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Could a carbon tax have political legs?

In British Columbia, a carbon tax wins popular support.

The Chevron Burnaby Oil Refinery sits in the inner harbour of the Burrard Inlet in this view from West Vancouver, British Columbia Apr. 29, 2008. (Andy Clark/Reuters)

TORONTO — Americans who couldn’t care less that British Columbia had an election last week are in good company — most Canadians living outside the west coast province feel the same way.

In fact, many Canadians would be hard pressed to name any premier — similar to the governor of a U.S. state — apart from their own. There are only 10 of them, but a vast geography and small population have made parochial regionalism a defining element of Canadian identity.

Yet provinces have been known to launch initiatives so attractive that the federal government eventually transforms them into national programs. The most famous example is medicare, Canada’s publicly financed health insurance for all residents, which emerged from a 1947 policy in Saskatchewan.

A policy with similar trailblazing potential was implemented in British Columbia last July, under Premier Gordon Campbell’s Liberal government. With the new policy, the province became the first jurisdiction in North America to fight global warming with a tax on carbon emissions.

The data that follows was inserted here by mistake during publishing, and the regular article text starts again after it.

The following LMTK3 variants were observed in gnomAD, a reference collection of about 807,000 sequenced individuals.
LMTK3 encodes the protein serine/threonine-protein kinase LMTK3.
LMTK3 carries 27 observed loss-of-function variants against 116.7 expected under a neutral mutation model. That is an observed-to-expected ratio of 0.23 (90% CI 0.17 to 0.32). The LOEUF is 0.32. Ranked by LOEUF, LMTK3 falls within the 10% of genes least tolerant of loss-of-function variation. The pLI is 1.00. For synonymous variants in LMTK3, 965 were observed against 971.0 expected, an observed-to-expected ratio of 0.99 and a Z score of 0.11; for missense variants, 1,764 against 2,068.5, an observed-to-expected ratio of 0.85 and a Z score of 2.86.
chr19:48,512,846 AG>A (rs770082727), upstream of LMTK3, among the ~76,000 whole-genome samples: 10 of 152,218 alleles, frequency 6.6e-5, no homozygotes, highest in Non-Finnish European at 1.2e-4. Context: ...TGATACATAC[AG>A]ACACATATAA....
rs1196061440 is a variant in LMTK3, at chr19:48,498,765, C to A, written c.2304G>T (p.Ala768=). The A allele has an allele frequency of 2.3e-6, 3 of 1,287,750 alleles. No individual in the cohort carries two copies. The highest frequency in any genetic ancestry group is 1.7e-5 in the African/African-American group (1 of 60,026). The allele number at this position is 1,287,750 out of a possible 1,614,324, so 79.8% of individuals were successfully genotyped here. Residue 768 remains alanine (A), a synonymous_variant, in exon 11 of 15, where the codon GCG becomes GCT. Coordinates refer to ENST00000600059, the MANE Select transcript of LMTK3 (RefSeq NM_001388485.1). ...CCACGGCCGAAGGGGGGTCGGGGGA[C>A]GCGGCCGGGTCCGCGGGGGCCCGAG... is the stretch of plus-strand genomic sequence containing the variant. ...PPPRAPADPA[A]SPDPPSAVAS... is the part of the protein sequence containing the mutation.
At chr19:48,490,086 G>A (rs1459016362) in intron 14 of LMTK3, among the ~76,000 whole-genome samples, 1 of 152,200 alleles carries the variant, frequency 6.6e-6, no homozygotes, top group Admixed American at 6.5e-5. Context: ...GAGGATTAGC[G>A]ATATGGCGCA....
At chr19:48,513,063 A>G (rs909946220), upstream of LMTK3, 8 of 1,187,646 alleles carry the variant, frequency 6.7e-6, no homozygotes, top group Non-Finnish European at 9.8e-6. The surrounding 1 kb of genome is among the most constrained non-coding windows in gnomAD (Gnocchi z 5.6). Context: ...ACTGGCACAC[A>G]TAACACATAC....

Last week, British Columbia’s Liberal government achieved another first by being re-elected while running on a carbon tax platform. The feat breathed new life into a policy considered essential to combating climate change by many scientists, but feared as a vote-killer by many politicians.

Campbell’s resounding victory is timely. A United Nations conference will take place in Copenhagen in December on greenhouse gas emissions cuts beyond the Kyoto Protocol, the sputtering international treaty that expires at the end of 2012.

North American governments heading to the conference have been loath to consider a carbon tax. Canadian Prime Minister Stephen Harper, U.S. President Barack Obama and congressional Democrats instead propose a more conventional “cap and trade” system to fight global warming. (Both Obama and House Democrats propose plans that fall far short of the 25 percent cut in emissions, below 1990 levels, that most scientists insist is needed to avoid the worst effects of climate change.)

Essentially, a capped system sets a limit to the amount of carbon gas targeted industries can spew. Companies that emit less than their limit can trade what is left of their allowance — their credits — to companies that have exceeded them. The European Union has used this system for several years.

A carbon tax is simpler: It places a direct tax on the global warming gas. The British Columbia government imposed a $10 (CDN) per metric ton tax on the carbon produced by gasoline, diesel, natural gas, heating fuel, propane, aviation fuel, kerosene and coal.